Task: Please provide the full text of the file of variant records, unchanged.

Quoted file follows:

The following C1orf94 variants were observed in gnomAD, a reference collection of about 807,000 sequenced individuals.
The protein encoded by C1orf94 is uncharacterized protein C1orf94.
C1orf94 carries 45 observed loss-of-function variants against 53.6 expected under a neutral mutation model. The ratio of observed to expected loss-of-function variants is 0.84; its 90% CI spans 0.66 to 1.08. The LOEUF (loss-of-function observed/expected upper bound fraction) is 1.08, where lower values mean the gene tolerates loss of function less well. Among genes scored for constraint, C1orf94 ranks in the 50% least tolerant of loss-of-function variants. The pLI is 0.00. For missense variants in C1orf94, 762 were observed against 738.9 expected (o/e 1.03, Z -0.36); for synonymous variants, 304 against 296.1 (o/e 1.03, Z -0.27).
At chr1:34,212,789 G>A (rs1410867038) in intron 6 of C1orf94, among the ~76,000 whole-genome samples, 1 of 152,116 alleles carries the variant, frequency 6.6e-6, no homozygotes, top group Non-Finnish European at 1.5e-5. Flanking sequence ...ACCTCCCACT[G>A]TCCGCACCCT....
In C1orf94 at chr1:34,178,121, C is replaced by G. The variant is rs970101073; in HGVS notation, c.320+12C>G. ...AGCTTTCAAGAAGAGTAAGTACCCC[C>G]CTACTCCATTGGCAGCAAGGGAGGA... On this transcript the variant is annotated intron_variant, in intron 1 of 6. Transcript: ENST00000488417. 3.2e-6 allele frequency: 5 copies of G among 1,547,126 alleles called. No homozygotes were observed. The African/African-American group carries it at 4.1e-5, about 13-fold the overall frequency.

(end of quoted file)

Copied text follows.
The following C1orf94 variants were observed in gnomAD, a reference collection of about 807,000 sequenced individuals.
The protein encoded by C1orf94 is uncharacterized protein C1orf94.
C1orf94 carries 45 observed loss-of-function variants against 53.6 expected under a neutral mutation model. The ratio of observed to expected loss-of-function variants is 0.84; its 90% CI spans 0.66 to 1.08. The LOEUF (loss-of-function observed/expected upper bound fraction) is 1.08, where lower values mean the gene tolerates loss of function less well. Among genes scored for constraint, C1orf94 ranks in the 50% least tolerant of loss-of-function variants. The pLI is 0.00. For missense variants in C1orf94, 762 were observed against 738.9 expected (o/e 1.03, Z -0.36); for synonymous variants, 304 against 296.1 (o/e 1.03, Z -0.27).
At chr1:34,212,789 G>A (rs1410867038) in intron 6 of C1orf94, among the ~76,000 whole-genome samples, 1 of 152,116 alleles carries the variant, frequency 6.6e-6, no homozygotes, top group Non-Finnish European at 1.5e-5. Flanking sequence ...ACCTCCCACT[G>A]TCCGCACCCT....
In C1orf94 at chr1:34,178,121, C is replaced by G. The variant is rs970101073; in HGVS notation, c.320+12C>G. ...AGCTTTCAAGAAGAGTAAGTACCCC[C>G]CTACTCCATTGGCAGCAAGGGAGGA... On this transcript the variant is annotated intron_variant, in intron 1 of 6. Transcript: ENST00000488417. 3.2e-6 allele frequency: 5 copies of G among 1,547,126 alleles called. No homozygotes were observed. The African/African-American group carries it at 4.1e-5, about 13-fold the overall frequency.